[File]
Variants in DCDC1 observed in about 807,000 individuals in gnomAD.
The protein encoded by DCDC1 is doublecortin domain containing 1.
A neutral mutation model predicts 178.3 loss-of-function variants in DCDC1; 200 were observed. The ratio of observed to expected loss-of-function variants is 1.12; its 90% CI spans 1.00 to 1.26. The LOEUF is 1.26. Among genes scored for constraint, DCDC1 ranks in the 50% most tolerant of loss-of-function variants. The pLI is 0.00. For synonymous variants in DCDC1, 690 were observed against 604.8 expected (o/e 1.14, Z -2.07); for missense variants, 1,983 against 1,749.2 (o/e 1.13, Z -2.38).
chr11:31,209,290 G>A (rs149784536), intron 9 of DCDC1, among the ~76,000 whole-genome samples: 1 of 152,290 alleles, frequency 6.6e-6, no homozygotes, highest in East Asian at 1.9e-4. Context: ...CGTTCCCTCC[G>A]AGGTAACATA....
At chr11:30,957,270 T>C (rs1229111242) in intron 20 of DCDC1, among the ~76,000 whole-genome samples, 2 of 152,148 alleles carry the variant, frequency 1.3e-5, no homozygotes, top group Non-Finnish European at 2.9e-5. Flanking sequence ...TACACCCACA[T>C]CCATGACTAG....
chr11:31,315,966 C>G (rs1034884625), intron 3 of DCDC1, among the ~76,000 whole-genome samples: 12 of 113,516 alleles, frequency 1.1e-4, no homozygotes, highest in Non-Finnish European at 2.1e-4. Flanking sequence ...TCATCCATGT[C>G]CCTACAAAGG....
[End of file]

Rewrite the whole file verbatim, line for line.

Variants in DCDC1 observed in about 807,000 individuals in gnomAD.
The protein encoded by DCDC1 is doublecortin domain containing 1.
A neutral mutation model predicts 178.3 loss-of-function variants in DCDC1; 200 were observed. The ratio of observed to expected loss-of-function variants is 1.12; its 90% CI spans 1.00 to 1.26. The LOEUF is 1.26. Among genes scored for constraint, DCDC1 ranks in the 50% most tolerant of loss-of-function variants. The pLI is 0.00. For synonymous variants in DCDC1, 690 were observed against 604.8 expected (o/e 1.14, Z -2.07); for missense variants, 1,983 against 1,749.2 (o/e 1.13, Z -2.38).
chr11:31,209,290 G>A (rs149784536), intron 9 of DCDC1, among the ~76,000 whole-genome samples: 1 of 152,290 alleles, frequency 6.6e-6, no homozygotes, highest in East Asian at 1.9e-4. Context: ...CGTTCCCTCC[G>A]AGGTAACATA....
At chr11:30,957,270 T>C (rs1229111242) in intron 20 of DCDC1, among the ~76,000 whole-genome samples, 2 of 152,148 alleles carry the variant, frequency 1.3e-5, no homozygotes, top group Non-Finnish European at 2.9e-5. Flanking sequence ...TACACCCACA[T>C]CCATGACTAG....
chr11:31,315,966 C>G (rs1034884625), intron 3 of DCDC1, among the ~76,000 whole-genome samples: 12 of 113,516 alleles, frequency 1.1e-4, no homozygotes, highest in Non-Finnish European at 2.1e-4. Flanking sequence ...TCATCCATGT[C>G]CCTACAAAGG....